Brooklyn-based beer writer (Draft Mag, Beer Advocate, New York Times, Imbibe) Joshua Bernstein has a new book out that explores the inner-world of homebrewing and techniques and secrets from the world’s leading homebrewers and it’s called Homebrew World. I recently received a copy of this finely presented hardcover that traces the story of homebrewers and recipes from amateur to world famous trajectories and others on the cutting and experimental edges of the hobby. Homebrew World is a behind-the-scenes look at more than 30 of these great homebrewers from across the world and includes some of their best recipes in a variety of styles. Check out our past Q & A with Bernstein on his previous book Complete IPA.
One of the lines in the description of the book; the Wild Ones who are harvesting ambient yeast, unleashing rowdy microbes, and experimenting with souring bacteria to extend the boundaries of good taste; and the Creative Front, who follow one simple rule—no rules at all. With that in mind I asked Josh Bernstein – what’s the strangest thing you learned while researching the book?
“In America, we take homebrewing for granted, an easy hobby that anyone can pick up. That’s not the case around the world. Folks in, say, Patagonia or South Korea can’t just stroll down to their local shop and buy a packet of liquid yeast. Around the world, brewing is not a level playing field, and folks will do anything to make their hobby happen. In Iceland, a group of homebrewers started a malt-importation company so they could homebrew, while in China there’s a guy who illegally sells homebrew to expats via social media. It’s wild to see what folks will do to brew. Also: Polish brewers have used smoked herring in beer.”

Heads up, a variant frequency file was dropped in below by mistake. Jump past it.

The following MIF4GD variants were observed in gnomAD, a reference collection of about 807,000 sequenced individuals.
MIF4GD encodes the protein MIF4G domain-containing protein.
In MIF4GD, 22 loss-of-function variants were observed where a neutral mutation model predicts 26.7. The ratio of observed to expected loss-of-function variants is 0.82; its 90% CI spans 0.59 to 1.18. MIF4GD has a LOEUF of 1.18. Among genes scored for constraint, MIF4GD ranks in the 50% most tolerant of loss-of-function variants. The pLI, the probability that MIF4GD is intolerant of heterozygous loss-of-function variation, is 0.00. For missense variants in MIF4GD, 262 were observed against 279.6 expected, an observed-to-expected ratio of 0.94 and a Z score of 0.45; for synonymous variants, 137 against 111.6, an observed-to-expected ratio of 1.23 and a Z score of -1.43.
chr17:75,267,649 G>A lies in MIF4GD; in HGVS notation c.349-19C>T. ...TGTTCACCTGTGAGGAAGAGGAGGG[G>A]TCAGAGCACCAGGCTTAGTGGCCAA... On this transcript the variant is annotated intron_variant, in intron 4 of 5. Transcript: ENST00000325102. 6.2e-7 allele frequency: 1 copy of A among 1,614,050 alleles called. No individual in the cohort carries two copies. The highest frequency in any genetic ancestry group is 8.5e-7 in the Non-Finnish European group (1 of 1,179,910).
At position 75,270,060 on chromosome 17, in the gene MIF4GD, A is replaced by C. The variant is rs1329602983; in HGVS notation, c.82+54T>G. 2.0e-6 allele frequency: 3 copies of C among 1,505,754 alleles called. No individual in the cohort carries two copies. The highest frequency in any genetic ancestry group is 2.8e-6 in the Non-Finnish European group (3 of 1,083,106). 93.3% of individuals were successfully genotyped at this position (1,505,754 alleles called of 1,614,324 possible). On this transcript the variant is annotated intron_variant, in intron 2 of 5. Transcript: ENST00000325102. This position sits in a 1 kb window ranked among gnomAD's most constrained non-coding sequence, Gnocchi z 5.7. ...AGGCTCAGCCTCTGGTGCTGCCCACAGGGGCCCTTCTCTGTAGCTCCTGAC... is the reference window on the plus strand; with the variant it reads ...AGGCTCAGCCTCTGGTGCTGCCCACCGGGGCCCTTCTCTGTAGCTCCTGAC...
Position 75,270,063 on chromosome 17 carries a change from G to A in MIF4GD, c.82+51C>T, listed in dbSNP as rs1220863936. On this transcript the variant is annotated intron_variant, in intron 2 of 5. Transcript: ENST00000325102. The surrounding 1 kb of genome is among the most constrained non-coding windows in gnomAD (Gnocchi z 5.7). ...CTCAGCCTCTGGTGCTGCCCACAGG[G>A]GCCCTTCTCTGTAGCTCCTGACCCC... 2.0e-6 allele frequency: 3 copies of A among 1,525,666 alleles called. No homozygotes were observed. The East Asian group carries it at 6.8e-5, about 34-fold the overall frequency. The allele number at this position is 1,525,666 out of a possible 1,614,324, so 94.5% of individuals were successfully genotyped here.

With the kind of adventurous research that goes into a book like this, I imagine you’d also learn more than a few things about the homebrewing world that even an advanced pro didn’t know about. Anything from the ingenious equipment resourceful homebrewers come up with to control things like temperature and flow to simulating high-end hopping equipment. But the most surprising thing that Bernstein said he learned was in how many places homebrewing still isn’t legal,
“In Japan, you can’t brew beer stronger than 1 percent, and homebrewing is still outlawed in Thailand. But that doesn’t stop people from brewing.”
Homebrew World takes you through these homebrewers stories to questions about how they treat yeast, age beers, refine and repeat recipes and even dealing with wild yeast and how they win awards. Along the trip you will learn how the homebrewing renaissance began and about pros successes and failures, what to do and what to avoid and even recipes from the best for: American Red Ale, Belgian Tripel, Berliner Weisse, English Mild, Farmhouse-Style Saison, Hefeweizen, Imperial Stout, New England IPA, Porter, and Raspberry Lambic.
I had one last question for Bernstein, on what was the craziest or most innovative thing he thought was happening in the homebrewing world?
“The folks at Berlin’s Parasite Produktions are doing wild stuff right now. They’re taking finished beers such as Rodenbach or Orval and then doctoring them with additional yeasts, bacteria and fruit, putting flavorful new spins on tradition.”